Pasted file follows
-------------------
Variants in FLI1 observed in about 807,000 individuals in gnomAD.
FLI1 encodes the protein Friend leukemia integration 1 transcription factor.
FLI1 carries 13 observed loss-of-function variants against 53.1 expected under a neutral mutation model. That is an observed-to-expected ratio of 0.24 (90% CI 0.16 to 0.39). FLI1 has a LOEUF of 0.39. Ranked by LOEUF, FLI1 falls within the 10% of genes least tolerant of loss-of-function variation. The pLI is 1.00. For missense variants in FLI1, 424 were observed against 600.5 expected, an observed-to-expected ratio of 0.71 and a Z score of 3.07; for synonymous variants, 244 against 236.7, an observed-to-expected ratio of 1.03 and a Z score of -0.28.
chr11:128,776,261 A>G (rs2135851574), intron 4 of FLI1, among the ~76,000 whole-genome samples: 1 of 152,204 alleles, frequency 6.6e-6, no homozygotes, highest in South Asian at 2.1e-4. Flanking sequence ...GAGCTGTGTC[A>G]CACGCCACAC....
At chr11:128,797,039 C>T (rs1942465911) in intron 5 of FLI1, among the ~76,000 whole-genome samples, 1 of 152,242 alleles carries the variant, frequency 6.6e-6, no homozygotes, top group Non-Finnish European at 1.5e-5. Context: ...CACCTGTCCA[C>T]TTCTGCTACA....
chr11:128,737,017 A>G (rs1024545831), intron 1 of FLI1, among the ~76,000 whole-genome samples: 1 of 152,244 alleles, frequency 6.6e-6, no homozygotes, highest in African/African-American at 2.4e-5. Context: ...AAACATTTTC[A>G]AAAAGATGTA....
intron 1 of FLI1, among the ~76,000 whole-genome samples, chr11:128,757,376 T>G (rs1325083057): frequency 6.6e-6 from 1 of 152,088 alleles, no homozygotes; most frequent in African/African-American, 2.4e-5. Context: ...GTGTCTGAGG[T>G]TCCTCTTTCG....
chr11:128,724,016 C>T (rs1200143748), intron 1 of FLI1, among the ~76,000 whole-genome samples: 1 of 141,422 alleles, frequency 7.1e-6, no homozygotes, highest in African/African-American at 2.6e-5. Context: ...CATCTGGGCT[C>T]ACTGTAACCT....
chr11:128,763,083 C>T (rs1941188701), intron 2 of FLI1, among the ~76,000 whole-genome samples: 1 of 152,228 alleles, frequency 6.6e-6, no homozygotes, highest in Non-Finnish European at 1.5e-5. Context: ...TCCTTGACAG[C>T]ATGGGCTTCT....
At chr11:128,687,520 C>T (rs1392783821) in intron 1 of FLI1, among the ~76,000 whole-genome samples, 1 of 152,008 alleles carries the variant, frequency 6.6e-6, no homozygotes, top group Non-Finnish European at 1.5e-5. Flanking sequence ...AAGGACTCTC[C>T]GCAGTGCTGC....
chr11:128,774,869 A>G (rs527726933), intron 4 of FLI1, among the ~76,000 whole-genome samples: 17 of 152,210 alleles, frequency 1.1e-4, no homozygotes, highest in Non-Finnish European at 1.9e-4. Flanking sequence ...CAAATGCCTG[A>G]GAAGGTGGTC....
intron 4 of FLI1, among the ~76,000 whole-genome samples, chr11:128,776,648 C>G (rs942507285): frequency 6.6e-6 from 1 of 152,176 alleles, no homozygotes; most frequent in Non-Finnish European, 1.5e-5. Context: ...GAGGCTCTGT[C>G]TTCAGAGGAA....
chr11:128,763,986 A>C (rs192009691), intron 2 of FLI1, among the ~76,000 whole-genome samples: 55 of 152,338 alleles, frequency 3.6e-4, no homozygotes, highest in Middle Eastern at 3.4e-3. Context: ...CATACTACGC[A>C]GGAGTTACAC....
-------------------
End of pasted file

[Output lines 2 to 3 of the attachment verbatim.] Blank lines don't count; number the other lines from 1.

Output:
FLI1 encodes the protein Friend leukemia integration 1 transcription factor.
FLI1 carries 13 observed loss-of-function variants against 53.1 expected under a neutral mutation model. That is an observed-to-expected ratio of 0.24 (90% CI 0.16 to 0.39). FLI1 has a LOEUF of 0.39. Ranked by LOEUF, FLI1 falls within the 10% of genes least tolerant of loss-of-function variation. The pLI is 1.00. For missense variants in FLI1, 424 were observed against 600.5 expected, an observed-to-expected ratio of 0.71 and a Z score of 3.07; for synonymous variants, 244 against 236.7, an observed-to-expected ratio of 1.03 and a Z score of -0.28.